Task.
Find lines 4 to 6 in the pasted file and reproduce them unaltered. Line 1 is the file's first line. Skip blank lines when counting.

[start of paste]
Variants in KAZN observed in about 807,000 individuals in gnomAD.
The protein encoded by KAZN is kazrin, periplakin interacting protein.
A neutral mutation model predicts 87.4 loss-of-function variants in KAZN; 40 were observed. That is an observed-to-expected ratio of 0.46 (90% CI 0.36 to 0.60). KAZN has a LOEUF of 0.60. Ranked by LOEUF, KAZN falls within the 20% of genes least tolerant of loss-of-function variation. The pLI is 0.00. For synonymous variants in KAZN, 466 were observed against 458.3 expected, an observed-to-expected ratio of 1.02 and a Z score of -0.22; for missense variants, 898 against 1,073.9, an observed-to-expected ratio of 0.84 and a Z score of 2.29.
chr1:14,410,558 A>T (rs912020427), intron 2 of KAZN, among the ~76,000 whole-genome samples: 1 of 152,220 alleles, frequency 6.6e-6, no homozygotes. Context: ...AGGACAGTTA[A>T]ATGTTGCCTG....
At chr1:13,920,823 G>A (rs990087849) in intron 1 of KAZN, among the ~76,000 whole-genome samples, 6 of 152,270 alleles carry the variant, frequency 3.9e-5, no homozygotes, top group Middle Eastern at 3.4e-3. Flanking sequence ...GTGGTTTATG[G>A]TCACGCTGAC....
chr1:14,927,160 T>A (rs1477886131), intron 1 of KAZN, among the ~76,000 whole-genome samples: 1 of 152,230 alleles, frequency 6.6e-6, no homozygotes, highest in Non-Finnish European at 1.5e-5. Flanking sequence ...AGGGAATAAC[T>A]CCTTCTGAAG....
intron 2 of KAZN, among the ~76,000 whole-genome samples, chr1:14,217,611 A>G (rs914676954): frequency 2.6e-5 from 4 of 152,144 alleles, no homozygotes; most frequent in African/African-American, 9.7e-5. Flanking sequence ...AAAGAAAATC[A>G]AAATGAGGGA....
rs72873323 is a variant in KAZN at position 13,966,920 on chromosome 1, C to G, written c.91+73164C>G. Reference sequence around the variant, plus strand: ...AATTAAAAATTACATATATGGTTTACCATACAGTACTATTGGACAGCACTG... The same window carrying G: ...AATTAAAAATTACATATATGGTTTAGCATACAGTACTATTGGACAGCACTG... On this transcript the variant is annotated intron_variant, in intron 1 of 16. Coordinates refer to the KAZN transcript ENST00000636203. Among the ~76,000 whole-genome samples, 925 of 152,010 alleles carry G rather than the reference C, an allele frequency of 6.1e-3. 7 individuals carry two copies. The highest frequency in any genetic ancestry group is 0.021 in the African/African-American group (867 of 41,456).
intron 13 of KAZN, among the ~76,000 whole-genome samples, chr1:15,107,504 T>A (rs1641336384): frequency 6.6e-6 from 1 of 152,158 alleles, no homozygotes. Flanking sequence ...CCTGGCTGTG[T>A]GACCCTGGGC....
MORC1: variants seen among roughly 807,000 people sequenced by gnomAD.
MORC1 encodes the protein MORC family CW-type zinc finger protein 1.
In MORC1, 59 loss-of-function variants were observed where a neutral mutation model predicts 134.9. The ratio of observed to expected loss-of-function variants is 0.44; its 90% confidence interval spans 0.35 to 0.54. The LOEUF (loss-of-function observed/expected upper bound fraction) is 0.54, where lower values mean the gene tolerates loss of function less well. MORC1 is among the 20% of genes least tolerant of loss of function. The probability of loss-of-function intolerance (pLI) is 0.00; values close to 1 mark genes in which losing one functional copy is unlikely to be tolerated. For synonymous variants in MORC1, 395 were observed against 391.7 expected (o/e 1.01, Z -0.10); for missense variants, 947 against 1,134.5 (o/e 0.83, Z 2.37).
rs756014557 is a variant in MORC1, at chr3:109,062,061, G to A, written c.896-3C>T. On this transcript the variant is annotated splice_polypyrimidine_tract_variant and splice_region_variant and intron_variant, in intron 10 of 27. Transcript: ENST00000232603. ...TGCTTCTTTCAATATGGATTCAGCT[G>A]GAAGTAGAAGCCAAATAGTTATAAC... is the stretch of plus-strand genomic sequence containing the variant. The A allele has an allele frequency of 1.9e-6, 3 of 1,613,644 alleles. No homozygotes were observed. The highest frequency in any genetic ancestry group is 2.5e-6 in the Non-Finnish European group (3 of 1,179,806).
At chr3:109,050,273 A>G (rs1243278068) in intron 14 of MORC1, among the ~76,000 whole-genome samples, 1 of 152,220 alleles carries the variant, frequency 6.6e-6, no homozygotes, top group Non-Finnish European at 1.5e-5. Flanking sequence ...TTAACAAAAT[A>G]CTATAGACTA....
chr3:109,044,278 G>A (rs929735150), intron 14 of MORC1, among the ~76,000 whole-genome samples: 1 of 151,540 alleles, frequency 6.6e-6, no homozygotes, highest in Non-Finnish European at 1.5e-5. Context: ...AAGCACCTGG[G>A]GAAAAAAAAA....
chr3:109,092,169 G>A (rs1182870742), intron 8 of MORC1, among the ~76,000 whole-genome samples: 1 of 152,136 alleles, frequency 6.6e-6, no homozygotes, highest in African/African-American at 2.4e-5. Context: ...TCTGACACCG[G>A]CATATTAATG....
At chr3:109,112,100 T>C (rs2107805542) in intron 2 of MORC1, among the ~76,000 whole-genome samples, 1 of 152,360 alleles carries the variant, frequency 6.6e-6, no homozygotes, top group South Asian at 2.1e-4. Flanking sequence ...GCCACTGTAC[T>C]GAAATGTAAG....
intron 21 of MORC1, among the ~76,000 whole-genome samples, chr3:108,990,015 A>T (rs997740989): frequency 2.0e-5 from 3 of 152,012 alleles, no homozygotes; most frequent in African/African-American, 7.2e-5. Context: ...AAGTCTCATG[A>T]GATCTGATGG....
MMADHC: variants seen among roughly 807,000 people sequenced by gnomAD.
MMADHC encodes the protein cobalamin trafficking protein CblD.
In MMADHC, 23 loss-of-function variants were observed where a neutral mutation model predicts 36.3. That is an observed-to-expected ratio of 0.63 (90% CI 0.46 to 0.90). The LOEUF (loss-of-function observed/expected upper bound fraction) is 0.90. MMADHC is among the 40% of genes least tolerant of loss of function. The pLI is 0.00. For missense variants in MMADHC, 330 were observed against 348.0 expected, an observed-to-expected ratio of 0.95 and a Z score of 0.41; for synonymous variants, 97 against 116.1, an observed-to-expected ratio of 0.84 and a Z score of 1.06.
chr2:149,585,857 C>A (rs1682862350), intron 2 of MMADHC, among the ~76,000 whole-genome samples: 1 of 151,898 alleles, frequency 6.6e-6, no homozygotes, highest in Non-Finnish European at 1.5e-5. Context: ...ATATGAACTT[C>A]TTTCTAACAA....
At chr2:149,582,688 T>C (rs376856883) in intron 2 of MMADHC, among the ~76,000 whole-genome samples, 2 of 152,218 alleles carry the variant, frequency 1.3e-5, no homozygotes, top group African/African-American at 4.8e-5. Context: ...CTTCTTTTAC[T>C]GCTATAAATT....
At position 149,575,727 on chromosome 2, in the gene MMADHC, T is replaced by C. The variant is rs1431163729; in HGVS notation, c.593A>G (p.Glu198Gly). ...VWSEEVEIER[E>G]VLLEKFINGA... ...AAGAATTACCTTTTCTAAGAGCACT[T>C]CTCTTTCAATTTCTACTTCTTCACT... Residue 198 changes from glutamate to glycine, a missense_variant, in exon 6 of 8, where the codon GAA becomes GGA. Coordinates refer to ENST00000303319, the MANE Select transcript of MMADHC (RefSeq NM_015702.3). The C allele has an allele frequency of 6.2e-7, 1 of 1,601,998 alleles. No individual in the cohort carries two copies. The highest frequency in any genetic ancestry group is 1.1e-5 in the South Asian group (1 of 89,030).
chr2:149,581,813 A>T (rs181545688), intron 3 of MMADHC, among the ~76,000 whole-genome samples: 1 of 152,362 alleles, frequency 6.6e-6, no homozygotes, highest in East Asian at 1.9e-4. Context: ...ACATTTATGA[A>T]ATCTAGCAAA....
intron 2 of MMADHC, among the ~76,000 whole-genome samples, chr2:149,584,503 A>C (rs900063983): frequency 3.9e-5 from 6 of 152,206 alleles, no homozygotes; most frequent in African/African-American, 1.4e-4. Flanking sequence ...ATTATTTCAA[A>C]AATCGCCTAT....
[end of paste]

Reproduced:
chr1:14,410,558 A>T (rs912020427), intron 2 of KAZN, among the ~76,000 whole-genome samples: 1 of 152,220 alleles, frequency 6.6e-6, no homozygotes. Context: ...AGGACAGTTA[A>T]ATGTTGCCTG....
At chr1:13,920,823 G>A (rs990087849) in intron 1 of KAZN, among the ~76,000 whole-genome samples, 6 of 152,270 alleles carry the variant, frequency 3.9e-5, no homozygotes, top group Middle Eastern at 3.4e-3. Flanking sequence ...GTGGTTTATG[G>A]TCACGCTGAC....
chr1:14,927,160 T>A (rs1477886131), intron 1 of KAZN, among the ~76,000 whole-genome samples: 1 of 152,230 alleles, frequency 6.6e-6, no homozygotes, highest in Non-Finnish European at 1.5e-5. Flanking sequence ...AGGGAATAAC[T>A]CCTTCTGAAG....